For Release on Tuesday, August 12, 1997

Kirsten Whipple
Nikki Levy

Violent Behavior May Be Linked to Abnormal Copper and Zinc Levels

NAPERVILLE, Ill. -- Violent behavior in young men appears to be linked to an imbalance in body chemistry, specifically the relationship of copper and zinc, according to a study published today in the journal Physiology & Behavior.

"Our preliminary findings show that young men who have varying levels of angry, violent behavior also have elevated copper and depressed zinc levels; the non-assaultive controls in our study did not. The study and our general observations in working with violent children and young adults indicates that behavior disorders are correlated to abnormal metal metabolism or other body chemistry irregularities," said William Walsh, Ph.D., lead author of the paper and president of the Health Research Institute (HRI), a not-for-profit research organization founded in 1983 that investigates the role of biochemistry in behavior and health.

The study enrolled all males between the ages of 3 years and 20 years making a first visit during a two-month period beginning January 15, 1994, to the Pfeiffer Treatment Center, an outpatient treatment center run by HRI, for an evaluation of behavior disorders. A test group of individuals with a history of assaultive behavior and a control group of individuals with no history of assaultive behavior were compared.

The test and control groups were determined based on an intake session and medical history, coupled with the application of the Walsh-Isaacson Behavior Scale, which was used to assign numerical values to violent behavior by ranking it from 1 to 5 on a scale measuring both frequency and intensity of behaviors. Using the scale, a total of 153 subjects - 135 assaultive males and 18 controls were identified for the study. Blood samples were taken to determine body chemistry with samples analyzed by an independent laboratory, SmithKline Beecham Clinical Laboratories.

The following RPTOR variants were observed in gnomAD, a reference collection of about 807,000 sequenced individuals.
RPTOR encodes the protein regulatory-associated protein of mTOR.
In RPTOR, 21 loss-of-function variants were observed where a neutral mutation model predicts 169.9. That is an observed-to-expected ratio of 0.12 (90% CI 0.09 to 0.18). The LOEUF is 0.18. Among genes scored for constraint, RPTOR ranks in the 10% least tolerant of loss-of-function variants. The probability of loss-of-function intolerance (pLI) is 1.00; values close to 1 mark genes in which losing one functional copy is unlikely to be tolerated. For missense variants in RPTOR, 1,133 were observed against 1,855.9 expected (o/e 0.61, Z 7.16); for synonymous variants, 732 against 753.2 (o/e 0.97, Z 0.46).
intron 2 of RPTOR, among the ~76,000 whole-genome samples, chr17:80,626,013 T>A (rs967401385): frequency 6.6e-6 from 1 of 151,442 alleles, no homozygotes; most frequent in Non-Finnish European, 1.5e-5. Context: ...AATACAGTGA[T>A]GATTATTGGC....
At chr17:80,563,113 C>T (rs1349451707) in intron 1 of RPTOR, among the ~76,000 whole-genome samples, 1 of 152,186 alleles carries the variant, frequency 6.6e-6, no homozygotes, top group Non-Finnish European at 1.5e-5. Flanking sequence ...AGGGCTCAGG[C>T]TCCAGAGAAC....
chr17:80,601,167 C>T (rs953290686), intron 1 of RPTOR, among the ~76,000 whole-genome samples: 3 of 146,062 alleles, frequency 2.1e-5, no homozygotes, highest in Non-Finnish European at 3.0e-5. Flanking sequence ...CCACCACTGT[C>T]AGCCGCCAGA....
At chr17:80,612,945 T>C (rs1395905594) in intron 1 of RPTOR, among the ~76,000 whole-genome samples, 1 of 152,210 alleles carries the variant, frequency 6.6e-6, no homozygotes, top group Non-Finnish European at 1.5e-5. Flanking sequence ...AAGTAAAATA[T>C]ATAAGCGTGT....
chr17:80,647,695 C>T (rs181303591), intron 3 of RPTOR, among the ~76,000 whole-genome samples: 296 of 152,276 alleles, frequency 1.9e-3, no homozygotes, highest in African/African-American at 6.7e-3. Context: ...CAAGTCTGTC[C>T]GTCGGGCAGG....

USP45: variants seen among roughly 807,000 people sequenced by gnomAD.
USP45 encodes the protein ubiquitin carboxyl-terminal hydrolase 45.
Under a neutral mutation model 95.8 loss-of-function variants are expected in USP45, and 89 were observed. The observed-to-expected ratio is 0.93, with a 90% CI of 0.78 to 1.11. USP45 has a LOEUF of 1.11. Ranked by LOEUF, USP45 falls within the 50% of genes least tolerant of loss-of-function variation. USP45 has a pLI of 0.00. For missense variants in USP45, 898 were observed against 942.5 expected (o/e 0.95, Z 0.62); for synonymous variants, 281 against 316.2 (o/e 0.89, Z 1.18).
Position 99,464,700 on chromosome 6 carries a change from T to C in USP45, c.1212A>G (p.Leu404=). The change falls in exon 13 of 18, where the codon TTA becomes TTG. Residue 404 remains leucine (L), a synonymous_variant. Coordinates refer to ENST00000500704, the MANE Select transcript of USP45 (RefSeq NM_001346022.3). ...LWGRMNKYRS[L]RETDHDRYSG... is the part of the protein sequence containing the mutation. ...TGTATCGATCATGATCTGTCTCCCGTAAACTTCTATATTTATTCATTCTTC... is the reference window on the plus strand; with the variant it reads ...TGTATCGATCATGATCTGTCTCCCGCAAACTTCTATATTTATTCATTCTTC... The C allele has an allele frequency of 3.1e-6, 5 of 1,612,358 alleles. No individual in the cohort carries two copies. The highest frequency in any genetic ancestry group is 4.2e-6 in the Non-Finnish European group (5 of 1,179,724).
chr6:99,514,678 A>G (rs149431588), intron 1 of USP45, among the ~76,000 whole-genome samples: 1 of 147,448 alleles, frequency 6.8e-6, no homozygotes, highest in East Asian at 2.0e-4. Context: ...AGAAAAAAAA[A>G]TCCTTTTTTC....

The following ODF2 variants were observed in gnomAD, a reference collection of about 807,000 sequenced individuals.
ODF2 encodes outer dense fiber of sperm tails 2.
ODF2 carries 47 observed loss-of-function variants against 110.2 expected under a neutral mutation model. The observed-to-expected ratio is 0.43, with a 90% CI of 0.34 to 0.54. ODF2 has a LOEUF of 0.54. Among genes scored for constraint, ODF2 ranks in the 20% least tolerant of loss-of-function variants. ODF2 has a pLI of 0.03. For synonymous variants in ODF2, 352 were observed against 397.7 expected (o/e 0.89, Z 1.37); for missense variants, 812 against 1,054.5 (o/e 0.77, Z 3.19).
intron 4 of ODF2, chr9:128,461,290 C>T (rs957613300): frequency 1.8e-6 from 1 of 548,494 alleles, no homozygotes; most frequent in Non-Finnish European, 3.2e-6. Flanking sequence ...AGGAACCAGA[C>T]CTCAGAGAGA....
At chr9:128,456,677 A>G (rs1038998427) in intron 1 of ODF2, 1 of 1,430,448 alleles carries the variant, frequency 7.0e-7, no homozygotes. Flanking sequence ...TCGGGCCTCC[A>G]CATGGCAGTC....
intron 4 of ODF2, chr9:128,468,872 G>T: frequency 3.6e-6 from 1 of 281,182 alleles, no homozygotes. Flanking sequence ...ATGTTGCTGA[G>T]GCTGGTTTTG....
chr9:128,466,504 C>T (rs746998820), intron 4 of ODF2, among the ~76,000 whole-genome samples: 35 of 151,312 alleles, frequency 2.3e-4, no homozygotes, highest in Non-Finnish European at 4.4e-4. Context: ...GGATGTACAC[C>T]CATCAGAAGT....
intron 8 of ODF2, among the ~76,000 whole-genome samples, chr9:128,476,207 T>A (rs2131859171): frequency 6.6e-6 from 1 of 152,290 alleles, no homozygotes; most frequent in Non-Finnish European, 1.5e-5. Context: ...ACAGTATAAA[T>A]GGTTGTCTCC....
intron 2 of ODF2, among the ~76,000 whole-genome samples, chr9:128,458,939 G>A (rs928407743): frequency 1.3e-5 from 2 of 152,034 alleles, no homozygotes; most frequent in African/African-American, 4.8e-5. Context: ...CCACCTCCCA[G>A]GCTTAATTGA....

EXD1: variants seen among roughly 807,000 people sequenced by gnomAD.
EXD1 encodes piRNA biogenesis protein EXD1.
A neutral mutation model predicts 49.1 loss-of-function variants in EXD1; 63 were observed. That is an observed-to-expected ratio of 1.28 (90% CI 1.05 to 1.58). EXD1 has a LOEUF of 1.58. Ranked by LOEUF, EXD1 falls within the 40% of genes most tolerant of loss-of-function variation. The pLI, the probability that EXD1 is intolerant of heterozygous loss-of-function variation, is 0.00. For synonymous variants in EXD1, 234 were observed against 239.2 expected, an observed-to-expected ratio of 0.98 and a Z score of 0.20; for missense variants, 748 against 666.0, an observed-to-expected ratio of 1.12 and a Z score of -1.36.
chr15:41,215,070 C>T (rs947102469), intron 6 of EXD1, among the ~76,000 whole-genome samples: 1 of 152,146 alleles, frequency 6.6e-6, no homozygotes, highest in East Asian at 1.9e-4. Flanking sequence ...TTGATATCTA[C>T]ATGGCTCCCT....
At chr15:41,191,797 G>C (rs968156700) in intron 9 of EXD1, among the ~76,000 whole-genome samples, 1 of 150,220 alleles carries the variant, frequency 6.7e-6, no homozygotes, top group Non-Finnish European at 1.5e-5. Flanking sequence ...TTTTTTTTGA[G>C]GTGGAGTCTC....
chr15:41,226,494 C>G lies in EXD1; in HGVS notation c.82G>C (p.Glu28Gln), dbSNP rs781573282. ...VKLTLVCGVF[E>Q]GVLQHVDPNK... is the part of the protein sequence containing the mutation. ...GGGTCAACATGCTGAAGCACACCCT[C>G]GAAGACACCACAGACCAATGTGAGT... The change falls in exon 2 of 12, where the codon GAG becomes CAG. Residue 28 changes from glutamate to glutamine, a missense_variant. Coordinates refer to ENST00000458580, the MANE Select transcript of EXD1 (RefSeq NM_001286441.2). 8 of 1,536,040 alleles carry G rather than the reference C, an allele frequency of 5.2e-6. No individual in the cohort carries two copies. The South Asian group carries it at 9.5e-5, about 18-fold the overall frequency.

The test group was found to have a mean copper/zinc ratio of 1.40, while the control group had a ratio of 1.02, a statistically significant difference.

"Zinc is an essential trace metal that is recognized as playing a role in a number of physiological disorders, including dermatologic conditions such as acne and exzema, and this data suggests that violent behavior is one of those disorders," said Walsh.

"In addition to our observations that copper/zinc ratios play a role in violent behavior, four separate outcome studies have indicated improved behavior in these young people after we've been able to normalize the ratios and other biochemical imbalances, using zinc and other nutrients," Walsh said.

More than 10,000 patients with behavior and other disorders have been treated since the Pfeiffer Treatment Center opened in 1989. The center identifies specific chemical imbalances through extensive testing and provides individualized, non-drug nutrient treatments for balancing body chemistry.

Walsh is a chemical engineer with more than 30 years of scientific research experience. After graduating from the University of Notre Dame in 1958, he went on to earn two masters degrees at the University of Michigan and a doctorate in chemical engineering from Iowa State University.

Before founding the HRI in 1982 and, subsequently the Pfeiffer Treatment Center, Walsh spent 22 years at Argonne National Laboratory in Lemont, Ill. He became interested in body chemistry and biochemical disorders as a result of his volunteer work with inmates at Stateville Penitentiary, Joliet, Ill. He is the author of more than 150 technical reports and articles and has made numerous presentations on his research, including the results of an outcome study presented at the June 1996 meeting of the American Psychiatric Association.

Co-authors of the study include H. Ronald Isaacson, Ph.D., Fatema Rehman and Anmarie Hall of HRI.

HRI and the Pfeiffer Treatment Center are located in Naperville, Ill.


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